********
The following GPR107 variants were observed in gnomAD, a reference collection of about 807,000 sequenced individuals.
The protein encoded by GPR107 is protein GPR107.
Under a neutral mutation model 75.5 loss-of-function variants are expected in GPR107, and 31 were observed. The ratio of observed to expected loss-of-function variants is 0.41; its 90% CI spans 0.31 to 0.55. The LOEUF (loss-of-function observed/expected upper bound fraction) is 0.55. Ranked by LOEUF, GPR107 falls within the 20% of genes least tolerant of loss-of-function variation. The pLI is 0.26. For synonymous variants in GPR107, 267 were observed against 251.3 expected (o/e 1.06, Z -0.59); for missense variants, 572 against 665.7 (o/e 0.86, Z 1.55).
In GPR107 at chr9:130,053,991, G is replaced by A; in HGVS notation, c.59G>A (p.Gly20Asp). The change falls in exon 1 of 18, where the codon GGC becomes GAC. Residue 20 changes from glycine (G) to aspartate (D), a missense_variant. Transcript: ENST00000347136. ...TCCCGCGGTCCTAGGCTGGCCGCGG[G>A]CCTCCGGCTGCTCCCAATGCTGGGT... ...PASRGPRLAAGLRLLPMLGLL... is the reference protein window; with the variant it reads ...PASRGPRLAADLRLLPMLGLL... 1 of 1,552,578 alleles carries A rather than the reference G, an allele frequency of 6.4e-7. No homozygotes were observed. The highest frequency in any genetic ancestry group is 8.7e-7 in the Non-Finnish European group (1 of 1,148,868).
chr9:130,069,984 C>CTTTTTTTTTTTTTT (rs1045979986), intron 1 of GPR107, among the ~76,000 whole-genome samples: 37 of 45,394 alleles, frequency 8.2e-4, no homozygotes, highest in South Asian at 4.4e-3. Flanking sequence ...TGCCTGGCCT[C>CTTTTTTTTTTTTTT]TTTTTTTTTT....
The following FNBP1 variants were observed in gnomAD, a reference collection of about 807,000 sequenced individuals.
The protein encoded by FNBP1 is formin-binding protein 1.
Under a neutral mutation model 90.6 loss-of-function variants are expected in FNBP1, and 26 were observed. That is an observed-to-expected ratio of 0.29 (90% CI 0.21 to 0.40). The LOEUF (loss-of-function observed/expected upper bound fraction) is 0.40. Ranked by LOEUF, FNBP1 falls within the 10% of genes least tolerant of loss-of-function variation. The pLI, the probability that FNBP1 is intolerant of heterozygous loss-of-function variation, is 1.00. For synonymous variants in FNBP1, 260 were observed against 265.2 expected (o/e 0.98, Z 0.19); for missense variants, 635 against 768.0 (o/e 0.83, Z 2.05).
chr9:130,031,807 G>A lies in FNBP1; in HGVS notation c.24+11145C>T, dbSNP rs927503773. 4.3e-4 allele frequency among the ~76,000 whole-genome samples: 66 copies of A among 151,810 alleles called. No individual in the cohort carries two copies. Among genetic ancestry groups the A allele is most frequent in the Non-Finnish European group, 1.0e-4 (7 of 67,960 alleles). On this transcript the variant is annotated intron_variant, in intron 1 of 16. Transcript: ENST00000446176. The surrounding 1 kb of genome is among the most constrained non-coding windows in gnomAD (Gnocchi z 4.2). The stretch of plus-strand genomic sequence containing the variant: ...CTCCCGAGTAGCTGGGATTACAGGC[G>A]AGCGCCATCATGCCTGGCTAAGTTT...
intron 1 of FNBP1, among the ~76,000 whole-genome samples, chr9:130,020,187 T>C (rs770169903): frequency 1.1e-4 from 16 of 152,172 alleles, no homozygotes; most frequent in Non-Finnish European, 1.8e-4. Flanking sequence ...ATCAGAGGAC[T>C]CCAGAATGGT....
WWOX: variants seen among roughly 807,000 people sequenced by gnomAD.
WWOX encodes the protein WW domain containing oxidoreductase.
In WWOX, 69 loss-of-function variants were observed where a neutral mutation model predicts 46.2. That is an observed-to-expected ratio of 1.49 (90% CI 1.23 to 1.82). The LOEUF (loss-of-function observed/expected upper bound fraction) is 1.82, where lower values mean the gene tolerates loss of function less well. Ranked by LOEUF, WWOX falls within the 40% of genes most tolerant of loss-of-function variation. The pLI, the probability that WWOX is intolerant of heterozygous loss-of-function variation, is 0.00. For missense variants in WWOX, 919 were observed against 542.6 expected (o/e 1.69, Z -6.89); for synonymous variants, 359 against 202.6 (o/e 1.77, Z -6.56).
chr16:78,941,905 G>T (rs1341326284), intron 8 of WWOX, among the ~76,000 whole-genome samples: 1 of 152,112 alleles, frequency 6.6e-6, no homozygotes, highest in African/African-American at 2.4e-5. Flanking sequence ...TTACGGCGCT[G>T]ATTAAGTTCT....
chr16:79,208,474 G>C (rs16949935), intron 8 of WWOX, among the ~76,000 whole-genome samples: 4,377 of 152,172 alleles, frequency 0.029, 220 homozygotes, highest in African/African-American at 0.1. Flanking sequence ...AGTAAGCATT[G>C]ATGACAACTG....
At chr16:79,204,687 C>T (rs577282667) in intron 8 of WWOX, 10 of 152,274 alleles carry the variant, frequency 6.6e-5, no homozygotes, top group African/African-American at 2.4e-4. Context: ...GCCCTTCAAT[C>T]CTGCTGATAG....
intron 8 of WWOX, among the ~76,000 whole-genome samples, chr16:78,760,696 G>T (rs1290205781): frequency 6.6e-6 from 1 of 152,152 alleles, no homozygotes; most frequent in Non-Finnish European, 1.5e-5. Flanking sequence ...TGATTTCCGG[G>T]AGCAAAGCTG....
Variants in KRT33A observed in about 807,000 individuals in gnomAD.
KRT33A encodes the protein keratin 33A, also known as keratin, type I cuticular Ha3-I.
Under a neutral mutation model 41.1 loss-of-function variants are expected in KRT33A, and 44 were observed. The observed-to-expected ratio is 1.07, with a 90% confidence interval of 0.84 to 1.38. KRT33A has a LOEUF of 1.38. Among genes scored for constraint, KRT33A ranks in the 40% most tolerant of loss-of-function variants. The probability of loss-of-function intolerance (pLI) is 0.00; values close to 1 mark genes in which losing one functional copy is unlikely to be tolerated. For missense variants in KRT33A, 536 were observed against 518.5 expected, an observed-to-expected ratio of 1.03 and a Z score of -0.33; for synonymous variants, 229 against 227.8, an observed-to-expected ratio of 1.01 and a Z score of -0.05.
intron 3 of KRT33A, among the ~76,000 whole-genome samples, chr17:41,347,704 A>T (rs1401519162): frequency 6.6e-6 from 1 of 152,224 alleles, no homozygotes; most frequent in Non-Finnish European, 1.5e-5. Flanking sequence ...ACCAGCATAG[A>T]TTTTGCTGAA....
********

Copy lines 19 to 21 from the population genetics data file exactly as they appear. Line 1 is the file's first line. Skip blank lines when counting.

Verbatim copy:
KRT33A encodes the protein keratin 33A, also known as keratin, type I cuticular Ha3-I.
Under a neutral mutation model 41.1 loss-of-function variants are expected in KRT33A, and 44 were observed. The observed-to-expected ratio is 1.07, with a 90% confidence interval of 0.84 to 1.38. KRT33A has a LOEUF of 1.38. Among genes scored for constraint, KRT33A ranks in the 40% most tolerant of loss-of-function variants. The probability of loss-of-function intolerance (pLI) is 0.00; values close to 1 mark genes in which losing one functional copy is unlikely to be tolerated. For missense variants in KRT33A, 536 were observed against 518.5 expected, an observed-to-expected ratio of 1.03 and a Z score of -0.33; for synonymous variants, 229 against 227.8, an observed-to-expected ratio of 1.01 and a Z score of -0.05.
intron 3 of KRT33A, among the ~76,000 whole-genome samples, chr17:41,347,704 A>T (rs1401519162): frequency 6.6e-6 from 1 of 152,224 alleles, no homozygotes; most frequent in Non-Finnish European, 1.5e-5. Flanking sequence ...ACCAGCATAG[A>T]TTTTGCTGAA....